Bill Proposed in Senate to Legalize Marijuana

Bill Proposed in Senate to Legalize Marijuana

Jun 1st 2020

Bill Proposed in Senate to Legalize Marijuana

Bill Proposed in Senate to Legalize Marijuana

A new bill proposed under the marijuana justice act of 2019 would suggest that the cannabis plant is removed from a list of controlled substances. This proposed bill would lead to the legalization of marijuana across the United States.

This Democrat-backed bill would suggest that the war on drugs could be severely limited under a full marijuana legalization bill. Keeping marijuana on a list of federally controlled substances increases police spending and government spending, considerably. Legalizing the plant would also remove a large range of obstacles from vendors that are generating a massive economic stimulus across the United States.

This proposed bill would also work to expunge charges from the criminal records of anyone that has been charged with possession. Anyone that is also currently incarcerated under offenses for marijuana would be able to petition for an immediate resentencing. Those who were convicted under current prohibition laws would be able to get new resources and job training to help them quickly reintegrate with society.

This bill was proposed and introduced by New Jersey Democratic Sen. Cory Booker and California Rep. Barbara Lee and Ro Khanna. Bernie Sanders and other gov officials have also co-sponsored the bill with the assistance of Elizabeth Warren.

Those that are supporting the bill have suggested that cannabis laws have acted as a form of oppression against communities across the United States and a series of nationalities in the process. Jailing nonviolent cannabis users is taxation on the United States. With a series of incentives for the legalization of marijuana on a state-by-state basis, there has been damage done by marijuana prohibition. In some of the most vulnerable communities across the United States, there has been a disenfranchised nature to prohibition. Over-criminalization has caused a series of communities to become damaged. Introducing new programs that are focused on youth development, training, health education, and community resources will help these communities to recover after legalization takes place.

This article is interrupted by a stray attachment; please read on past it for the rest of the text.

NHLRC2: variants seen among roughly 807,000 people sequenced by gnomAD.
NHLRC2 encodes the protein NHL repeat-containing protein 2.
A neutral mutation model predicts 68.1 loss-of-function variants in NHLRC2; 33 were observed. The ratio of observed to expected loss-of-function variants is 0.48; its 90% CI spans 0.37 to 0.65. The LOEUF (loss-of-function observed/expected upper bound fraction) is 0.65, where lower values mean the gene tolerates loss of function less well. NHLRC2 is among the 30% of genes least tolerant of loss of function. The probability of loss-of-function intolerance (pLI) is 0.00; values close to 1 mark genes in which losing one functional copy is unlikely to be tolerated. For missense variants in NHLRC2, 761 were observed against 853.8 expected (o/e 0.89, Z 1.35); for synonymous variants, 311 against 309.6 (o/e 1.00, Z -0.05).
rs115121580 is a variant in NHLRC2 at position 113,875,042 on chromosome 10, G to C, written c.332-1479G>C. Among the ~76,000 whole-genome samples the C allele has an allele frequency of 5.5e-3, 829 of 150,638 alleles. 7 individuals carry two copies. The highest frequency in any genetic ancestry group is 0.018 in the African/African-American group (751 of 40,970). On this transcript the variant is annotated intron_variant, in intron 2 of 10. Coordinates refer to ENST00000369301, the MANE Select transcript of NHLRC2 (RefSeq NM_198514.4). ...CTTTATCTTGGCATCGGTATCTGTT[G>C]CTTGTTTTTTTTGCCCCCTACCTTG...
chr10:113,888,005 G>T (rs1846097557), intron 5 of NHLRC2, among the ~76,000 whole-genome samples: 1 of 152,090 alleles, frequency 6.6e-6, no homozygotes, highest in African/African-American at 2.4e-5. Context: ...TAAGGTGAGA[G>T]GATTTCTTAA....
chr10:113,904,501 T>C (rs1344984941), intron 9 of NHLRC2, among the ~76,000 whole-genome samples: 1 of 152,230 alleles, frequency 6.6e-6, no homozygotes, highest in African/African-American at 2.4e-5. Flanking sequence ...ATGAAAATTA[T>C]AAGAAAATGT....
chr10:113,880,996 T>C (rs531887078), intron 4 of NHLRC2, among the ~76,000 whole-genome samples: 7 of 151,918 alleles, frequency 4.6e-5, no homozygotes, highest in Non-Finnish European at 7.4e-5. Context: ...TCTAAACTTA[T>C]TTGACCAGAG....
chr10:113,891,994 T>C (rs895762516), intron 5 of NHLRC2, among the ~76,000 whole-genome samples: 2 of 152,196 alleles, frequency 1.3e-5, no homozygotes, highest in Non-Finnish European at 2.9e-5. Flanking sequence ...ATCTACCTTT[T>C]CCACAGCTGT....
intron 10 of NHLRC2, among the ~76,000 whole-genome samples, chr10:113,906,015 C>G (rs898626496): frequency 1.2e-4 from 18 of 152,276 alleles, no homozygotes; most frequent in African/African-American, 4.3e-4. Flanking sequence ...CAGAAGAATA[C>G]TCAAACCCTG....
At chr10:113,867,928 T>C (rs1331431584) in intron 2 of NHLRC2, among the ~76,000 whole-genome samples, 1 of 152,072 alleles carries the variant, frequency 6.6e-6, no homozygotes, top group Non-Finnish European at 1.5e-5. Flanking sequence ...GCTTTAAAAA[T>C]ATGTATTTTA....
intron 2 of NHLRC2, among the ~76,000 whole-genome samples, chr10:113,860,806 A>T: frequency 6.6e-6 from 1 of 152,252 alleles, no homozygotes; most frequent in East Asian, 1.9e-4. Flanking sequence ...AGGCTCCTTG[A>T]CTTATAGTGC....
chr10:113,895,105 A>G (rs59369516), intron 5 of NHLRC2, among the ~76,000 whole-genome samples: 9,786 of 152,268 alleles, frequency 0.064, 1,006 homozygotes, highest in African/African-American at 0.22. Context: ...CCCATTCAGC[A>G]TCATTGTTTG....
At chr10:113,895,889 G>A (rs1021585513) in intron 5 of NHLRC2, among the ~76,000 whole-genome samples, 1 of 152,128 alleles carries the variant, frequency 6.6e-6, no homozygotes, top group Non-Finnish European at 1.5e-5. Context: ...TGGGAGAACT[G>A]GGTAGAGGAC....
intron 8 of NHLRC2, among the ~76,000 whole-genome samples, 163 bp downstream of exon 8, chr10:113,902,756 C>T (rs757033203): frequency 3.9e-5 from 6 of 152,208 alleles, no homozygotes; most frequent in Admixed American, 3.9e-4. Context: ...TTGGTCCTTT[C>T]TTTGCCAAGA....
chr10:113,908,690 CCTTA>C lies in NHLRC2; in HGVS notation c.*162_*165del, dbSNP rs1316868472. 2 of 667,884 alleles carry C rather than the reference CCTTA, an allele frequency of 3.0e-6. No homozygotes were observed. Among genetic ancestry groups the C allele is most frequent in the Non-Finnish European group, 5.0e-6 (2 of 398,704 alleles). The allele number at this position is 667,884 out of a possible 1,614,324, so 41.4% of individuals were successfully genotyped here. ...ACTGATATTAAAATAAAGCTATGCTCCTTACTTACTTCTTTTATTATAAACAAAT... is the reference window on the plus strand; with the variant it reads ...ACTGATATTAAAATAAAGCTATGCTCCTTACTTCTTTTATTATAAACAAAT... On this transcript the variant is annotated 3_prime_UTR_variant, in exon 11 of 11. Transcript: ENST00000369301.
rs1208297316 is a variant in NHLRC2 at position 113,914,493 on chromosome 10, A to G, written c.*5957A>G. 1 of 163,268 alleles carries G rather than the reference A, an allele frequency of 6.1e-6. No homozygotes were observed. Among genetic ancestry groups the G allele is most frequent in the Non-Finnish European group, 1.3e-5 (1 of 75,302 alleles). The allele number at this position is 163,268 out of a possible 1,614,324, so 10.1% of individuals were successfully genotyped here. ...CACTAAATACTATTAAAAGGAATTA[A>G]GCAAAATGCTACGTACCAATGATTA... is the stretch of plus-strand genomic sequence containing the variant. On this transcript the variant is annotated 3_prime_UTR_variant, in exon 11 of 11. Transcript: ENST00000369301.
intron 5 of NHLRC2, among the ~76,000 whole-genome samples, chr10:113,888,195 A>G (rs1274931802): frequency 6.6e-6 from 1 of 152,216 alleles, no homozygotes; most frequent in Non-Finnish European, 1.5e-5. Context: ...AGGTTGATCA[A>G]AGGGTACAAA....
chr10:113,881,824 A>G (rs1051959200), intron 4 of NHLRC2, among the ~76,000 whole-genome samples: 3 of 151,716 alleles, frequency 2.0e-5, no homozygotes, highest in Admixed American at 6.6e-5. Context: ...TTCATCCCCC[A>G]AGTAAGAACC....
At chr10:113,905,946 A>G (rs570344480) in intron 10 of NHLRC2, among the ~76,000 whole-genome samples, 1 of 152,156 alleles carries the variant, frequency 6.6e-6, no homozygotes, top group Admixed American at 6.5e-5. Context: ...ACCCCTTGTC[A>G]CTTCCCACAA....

The war on drugs is considered an overall failure and reintroducing a Marijuana Justice Act could help to reverse some of the damage that has been done.

In numbers published under the American Civil Liberties Union, it’s estimated that there was over 8 million offenses catalog between 2001 and 2010. 80% of these marijuana-related offenses were for simple possession. Out of these possession charges it was estimated that African-American individuals were 3.7 times more likely to be arrested for cannabis possession over Caucasian Americans. Since the legalization effort has expanded to over 30 states, there is still a far greater rate of arrests for marijuana possession for people of color.

Funds could definitely be redirected from the war on drugs into a number of pursuits that could be stimulating to the economy. Sen. Bernie Sanders estimates that there could be nearly $50 billion in tax money generated from marijuana sales. He would ideally like to invest this money in communities that were hit hardest by the war on drugs.

Under this plan, nearly $20 billion would go into a grant program for entrepreneurs of color. $10 billion would be funneled into grants for businesses that are majority-owned by individuals who are hit by drug law enforcement. Another $10 billion would go towards businesses willing to start farms and growing operations for cannabis-based products. The last $10 billion generated under new tax revenues would go into community development and economic development for areas hardest hit by the war on drugs.

Sen. Bernie Sanders would also suggest that marijuana companies will need stringent regulation. The government should never allow the marijuana market to turn into early tobacco products. Establishing regulations to prevent profiteering and consolidation would have to be included in a proposal for a marijuana business.

Legal marijuana would generate roughly $132 billion in tax revenue over 10 years according to studies published by New Frontier Data.

It seems as though the legalization effort is widely supported as well. Polling conducted by PW research estimates that 62% of US residents are in favor of ending the complete prohibition on cannabis and cannabis products.

The current state of prohibition continues to burden taxpayers as well as encroach on some of the civil liberties US citizens have. With worldwide reports of its medical properties as well as legitimate scientific research that is being missed out on in the United States, there has been a disproportionate amount of suffering over decades with these marijuana laws.

As federal lawmakers continue to examine this issue it could be just a matter of time before we can see a complete legalization effort. Its current state, marijuana prohibition is working to impact communities of color as well as lead to an untaxed criminal market. Addressing marijuana laws could lead to policies that offer safer cannabis products as well as a new cultural status for cannabis.